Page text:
Of course they want to try this on people next with an eye towards saving the lives of our troops. I wonder what kind of memories a person would have upon waking, if they'd have any at all. Would they remember the moment of their death?
|| Palmer, 3:30 PM || link || (0) comments |
Seaside Funband & Invisible Opera Company of Tibet

Most people seem to be in a good mood today. One of the baristas at CZ greeted me by name when I walked in which surprised me. I have no idea what her name is so I felt kind of bad that I couldn't return the personalized greeting. She even asked where I worked and, when I told her, she sounded all surprised. It seems I don't look like your typical DHFS employee. Then again, I neglected to tell her that I fixed computers and had absolutely nothing to do with families and people's health. I probably should have left her a bigger tip for having been so nice. In addition, Harry spoke to me in the hall today. He said, "There he is. How are you this morning?" Nothing special but he's never said anything to me whatsoever when we've passed in the hall since I started here about 8 months ago. And then I had to work on Bonnie's PC. Bonnie is the secretary/receptionist for our CIO, Denise. I had to un/reinstall MS Office and FrontPage so I had her computer tied up for 15 minutes or so. When I told Bonnie this, she decided to go out for a walk outside. About a minute after she leaves, I'm tying my shoe when Denise walks over looking slightly befuddled: "Who are you? And what have you done to Bonnie?" I watched her eyes look me over. First she looked at the pen in my breastpocket which has a Devil Ducky on it and then she glanced at my "Reading is sexy" pin. I await the fallout from my unprofessional attire.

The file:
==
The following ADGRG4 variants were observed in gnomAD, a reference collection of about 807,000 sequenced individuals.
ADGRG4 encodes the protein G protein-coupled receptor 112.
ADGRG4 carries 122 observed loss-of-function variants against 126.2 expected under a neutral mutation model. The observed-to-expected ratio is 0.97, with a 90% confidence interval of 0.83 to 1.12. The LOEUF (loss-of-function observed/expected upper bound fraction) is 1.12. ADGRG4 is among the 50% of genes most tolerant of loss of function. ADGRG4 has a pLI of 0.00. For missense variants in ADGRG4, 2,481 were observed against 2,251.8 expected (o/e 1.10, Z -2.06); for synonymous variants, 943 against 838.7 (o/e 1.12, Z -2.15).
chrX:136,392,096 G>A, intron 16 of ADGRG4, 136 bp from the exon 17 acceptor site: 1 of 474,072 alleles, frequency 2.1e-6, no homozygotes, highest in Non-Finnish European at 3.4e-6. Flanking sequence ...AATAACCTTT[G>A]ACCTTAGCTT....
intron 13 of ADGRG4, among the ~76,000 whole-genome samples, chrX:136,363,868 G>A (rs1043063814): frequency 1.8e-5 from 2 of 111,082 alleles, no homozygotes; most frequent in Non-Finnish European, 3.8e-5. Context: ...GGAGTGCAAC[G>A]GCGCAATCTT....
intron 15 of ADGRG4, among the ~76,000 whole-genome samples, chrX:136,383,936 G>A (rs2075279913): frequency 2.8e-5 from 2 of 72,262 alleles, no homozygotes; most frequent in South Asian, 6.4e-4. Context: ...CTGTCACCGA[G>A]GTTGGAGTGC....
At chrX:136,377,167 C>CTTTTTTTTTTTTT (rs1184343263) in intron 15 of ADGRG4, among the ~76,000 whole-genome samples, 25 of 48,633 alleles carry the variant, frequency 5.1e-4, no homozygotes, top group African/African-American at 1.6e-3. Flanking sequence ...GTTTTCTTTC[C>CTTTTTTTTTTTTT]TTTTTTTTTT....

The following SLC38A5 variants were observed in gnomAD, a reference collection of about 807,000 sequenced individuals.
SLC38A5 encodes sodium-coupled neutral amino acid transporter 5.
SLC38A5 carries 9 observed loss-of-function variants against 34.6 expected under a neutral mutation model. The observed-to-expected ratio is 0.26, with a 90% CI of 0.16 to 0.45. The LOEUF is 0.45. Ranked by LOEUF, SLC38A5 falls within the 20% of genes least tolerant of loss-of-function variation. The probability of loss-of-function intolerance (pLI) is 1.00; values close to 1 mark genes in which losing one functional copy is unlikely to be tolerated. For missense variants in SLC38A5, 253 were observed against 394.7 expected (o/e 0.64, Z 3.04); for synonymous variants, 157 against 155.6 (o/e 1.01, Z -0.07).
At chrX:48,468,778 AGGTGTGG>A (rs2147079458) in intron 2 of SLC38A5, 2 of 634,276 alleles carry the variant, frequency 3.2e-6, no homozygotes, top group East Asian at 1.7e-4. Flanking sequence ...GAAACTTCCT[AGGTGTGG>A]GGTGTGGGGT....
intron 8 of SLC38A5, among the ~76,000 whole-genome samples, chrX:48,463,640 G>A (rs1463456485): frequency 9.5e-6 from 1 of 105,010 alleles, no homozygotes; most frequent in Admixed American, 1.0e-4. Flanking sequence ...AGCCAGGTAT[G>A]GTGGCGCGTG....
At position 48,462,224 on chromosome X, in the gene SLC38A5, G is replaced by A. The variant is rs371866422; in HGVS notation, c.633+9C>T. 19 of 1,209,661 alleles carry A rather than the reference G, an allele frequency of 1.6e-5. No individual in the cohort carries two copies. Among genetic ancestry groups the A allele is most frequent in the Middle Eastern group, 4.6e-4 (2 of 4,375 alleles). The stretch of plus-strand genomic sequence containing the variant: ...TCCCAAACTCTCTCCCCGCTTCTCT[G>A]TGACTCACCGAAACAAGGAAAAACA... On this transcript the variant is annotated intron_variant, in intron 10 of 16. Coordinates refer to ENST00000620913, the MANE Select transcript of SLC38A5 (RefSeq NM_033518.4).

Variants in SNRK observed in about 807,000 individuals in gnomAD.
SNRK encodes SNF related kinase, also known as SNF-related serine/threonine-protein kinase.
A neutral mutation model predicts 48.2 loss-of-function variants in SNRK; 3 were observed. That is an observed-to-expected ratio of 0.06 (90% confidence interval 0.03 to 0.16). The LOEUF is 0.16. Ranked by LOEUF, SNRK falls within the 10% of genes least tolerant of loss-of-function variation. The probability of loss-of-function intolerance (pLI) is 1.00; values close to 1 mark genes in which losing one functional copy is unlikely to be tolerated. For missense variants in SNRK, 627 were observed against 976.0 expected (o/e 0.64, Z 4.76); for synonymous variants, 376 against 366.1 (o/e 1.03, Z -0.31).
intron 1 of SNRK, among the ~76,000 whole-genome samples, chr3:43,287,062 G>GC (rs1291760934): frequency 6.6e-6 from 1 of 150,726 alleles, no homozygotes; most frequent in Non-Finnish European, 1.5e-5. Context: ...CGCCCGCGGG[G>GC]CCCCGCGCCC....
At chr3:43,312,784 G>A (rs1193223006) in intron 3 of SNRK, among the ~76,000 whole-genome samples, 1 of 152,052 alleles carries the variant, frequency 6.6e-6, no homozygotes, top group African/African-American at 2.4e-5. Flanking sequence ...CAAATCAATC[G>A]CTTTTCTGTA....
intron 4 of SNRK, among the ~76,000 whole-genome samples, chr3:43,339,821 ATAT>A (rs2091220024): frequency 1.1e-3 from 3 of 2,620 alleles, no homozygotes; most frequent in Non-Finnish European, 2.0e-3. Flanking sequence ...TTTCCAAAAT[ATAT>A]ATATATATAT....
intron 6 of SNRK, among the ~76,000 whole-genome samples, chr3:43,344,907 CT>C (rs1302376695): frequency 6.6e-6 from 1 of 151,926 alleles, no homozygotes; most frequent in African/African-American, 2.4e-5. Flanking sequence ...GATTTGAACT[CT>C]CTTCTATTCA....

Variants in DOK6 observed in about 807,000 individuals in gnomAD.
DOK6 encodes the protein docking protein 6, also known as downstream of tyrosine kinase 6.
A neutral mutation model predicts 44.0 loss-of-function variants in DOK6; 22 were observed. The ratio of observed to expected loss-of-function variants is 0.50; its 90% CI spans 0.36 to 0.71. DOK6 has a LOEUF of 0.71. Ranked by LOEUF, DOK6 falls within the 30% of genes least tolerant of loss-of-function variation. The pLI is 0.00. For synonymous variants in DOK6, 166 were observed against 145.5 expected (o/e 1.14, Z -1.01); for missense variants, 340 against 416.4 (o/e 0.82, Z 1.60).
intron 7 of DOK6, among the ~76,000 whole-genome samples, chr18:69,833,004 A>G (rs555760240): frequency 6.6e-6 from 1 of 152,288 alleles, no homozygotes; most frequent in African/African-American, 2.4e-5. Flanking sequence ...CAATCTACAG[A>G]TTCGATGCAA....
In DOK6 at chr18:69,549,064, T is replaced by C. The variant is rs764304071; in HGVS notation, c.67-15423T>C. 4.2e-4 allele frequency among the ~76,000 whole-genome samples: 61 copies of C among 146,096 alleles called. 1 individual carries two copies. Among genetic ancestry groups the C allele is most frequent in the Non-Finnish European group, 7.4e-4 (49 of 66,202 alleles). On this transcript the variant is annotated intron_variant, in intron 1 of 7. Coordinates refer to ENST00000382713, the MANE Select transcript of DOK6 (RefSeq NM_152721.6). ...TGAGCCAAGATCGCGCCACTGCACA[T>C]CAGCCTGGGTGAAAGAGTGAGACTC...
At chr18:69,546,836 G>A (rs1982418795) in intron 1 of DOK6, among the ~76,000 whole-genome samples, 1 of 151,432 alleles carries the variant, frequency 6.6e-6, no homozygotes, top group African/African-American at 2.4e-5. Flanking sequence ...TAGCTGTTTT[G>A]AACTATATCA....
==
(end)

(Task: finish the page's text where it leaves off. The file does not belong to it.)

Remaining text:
I found an article in the Crap Times concerning the roundabouts near my house over on Thompson drive. It states that there have been some two dozen accidents have been reported by drivers using the roundabouts since they opened last October. There's nothing involved with these roundabouts that can't be handled by following the rules of the road. Like checking for cross traffic when you enter and intersection or, heaven forbid, actually obeying the yield signs. I've almost t-boned a couple numbskulls because they couldn't bother to yield. Yield means those cars in the loop have the right of way. I remember one buy I almost hit didn't even look to his left. He just kept looking straight ahead. This was too bad because, had he looked to his left, he'd A) have seen oncoming traffic and B) seen me giving him the finger.